• Be sure you are using very cold ice cream. Don’t take it out of the freezer to soften up before making.
  • If you are preparing for a crowd, try to scoop out the gelato into cups, put it back into the freezer and then brew your coffee. The moment the coffee is ready you are also ready to go with your ice cream all ready dished out. It makes serving a lot easier! 

Learn More: Read about the 40+ Ways to Drink Coffee in Italy!

Close up of Italian affogato in glass cup.

Italian Affogato

Louisa
A quick, 5-minute, satisfying Italian dessert
5 from 1 vote
Prep Time 5 minutes
Course Dessert
Cuisine Italian
Servings 1 person

Ingredients
  

  • 1-2 scoops vanilla ice cream or gelato
  • 1 shot espresso
  • 1 Tbsp nut or coffee liqueur, like amaretto or nocino
  • grated dark chocolate or sprinkling of cocoa powder

Instructions
 

  • Brew the espresso you need for the number of people (1 espresso per person).
  • Scoop 1-2 modest (meaning small) scoops of vanilla ice cream or gelato into a small glass or small bowl and pour over the shot of espresso.
  • Pour 1 tablespoon of liqueur, if using, over the ice cream and garnish with a light sprinkling of cocoa powder or a shaving of chocolate.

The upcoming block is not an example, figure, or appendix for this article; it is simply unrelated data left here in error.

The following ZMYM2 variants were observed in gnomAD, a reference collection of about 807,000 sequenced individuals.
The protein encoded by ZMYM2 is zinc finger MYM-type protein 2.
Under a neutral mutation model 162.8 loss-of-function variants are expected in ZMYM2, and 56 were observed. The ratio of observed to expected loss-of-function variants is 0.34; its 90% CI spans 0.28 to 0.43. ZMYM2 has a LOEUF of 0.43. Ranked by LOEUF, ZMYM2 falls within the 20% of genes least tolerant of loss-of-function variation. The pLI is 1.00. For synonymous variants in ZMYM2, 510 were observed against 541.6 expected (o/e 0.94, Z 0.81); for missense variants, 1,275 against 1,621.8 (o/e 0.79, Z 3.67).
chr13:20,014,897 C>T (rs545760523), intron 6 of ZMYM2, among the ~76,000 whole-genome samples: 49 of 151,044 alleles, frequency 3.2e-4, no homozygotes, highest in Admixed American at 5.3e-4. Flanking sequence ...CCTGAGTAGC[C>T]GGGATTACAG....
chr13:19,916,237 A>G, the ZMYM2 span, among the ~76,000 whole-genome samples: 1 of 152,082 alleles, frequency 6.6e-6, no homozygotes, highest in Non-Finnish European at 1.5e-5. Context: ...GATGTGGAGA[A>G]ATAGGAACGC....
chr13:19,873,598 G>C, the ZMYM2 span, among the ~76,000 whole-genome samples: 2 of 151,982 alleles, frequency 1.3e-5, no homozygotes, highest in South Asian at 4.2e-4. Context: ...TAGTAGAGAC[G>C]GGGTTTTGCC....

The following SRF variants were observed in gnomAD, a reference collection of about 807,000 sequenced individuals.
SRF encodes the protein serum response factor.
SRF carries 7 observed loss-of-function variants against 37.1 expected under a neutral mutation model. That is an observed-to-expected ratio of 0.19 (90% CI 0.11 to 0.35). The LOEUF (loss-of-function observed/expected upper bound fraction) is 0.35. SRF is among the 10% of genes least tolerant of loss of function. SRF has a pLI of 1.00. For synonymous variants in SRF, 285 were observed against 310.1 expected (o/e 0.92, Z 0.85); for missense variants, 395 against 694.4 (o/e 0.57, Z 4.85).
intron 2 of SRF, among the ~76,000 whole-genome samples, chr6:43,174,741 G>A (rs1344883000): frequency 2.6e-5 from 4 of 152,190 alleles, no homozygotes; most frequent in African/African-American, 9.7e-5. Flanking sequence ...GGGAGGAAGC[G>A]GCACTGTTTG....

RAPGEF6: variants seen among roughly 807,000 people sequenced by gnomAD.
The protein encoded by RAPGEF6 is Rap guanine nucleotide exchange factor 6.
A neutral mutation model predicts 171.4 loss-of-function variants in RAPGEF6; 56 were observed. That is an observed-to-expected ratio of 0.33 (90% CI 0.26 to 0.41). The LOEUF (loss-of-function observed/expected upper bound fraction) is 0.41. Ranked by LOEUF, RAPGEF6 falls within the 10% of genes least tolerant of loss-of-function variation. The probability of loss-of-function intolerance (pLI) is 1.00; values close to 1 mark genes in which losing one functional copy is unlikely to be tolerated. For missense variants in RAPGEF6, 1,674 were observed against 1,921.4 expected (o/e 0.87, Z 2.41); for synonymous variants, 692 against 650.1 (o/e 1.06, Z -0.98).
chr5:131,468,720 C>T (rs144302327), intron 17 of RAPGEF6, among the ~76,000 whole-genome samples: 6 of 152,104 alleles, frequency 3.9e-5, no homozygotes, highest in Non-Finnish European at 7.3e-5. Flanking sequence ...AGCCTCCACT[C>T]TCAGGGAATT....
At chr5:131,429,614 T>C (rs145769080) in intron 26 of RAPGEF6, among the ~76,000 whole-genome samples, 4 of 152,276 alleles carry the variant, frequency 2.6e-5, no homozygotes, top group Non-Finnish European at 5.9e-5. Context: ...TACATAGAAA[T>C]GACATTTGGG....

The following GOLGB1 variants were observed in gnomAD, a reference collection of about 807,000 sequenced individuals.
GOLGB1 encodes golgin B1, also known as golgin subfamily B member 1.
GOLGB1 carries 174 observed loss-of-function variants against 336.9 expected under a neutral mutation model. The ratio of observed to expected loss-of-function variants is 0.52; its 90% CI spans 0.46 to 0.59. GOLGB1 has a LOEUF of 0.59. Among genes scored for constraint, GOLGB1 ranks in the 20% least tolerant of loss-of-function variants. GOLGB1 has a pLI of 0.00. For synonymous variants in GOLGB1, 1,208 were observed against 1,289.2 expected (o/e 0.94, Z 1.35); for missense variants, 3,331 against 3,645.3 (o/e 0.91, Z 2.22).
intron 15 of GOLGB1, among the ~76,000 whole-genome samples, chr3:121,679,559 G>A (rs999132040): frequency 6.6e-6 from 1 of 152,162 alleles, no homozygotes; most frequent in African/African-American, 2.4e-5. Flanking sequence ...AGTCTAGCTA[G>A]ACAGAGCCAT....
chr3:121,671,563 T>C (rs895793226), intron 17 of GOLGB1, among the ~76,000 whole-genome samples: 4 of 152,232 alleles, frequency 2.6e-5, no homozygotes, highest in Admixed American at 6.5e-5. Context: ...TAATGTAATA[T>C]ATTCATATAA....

Notes

  • Use the best quality vanilla ice cream you can find such as Häagen-Dazs Vanilla Bean. 
  • Use espresso coffee (100% arabica is best, generally speaking, if you want to really get picky). Brew it with a moka pot or espresso machine. If you don’t have one, you can make extremely strong coffee with a coffee pot.
  • Be sure you are using very cold ice cream. Don’t take it out of the freezer to soften up before making.
  • If you are preparing for a crowd, try to scoop out the gelato into cups, put it back into the freezer and then brew your coffee. The moment the coffee is ready you are also ready to go with your ice cream all ready dished out. It makes serving a lot easier! 
Keyword easy, espresso, ice cream, quick, refreshing
Tried this recipe?Let us know how it was!

Italian Affogato FAQ

Is this a hot dessert or a cold dessert?

This is a bit of a trick question because it’s neither – it’s warm – cold on the inside from the gelato and hot on the outside from the freshly brewed coffee. The contrast is just perfect!

How should I eat affogato?

With a spoon you can eat the ice cream and then drink any of the coffee that is leftover in the bottom of the bowl or glass.

How should affogato be served?

It’s best served in a small glass or in a very small bowl that isn’t too wide but rather, something small you can cup in your hand if you were to pick it up. I personally prefer a small glass, like this option here, but there is no hard rule on this one. 

When was affogato invented?

It’s hard to identify an exact date but most people agree that the dessert started to become popular in the 1950s and today, it’s even more popular in America than it is with Italians!

Where is the best affogato in Italy?

I can’t promise this is the best in all of Italy but I do know that in Florence, Vivoli, the famous gelateria, is famous throughout the country for their affogato. Order it at the counter and eat it standing up with the old timers who make it a habit of indulging in this sweet treat at Vivoli.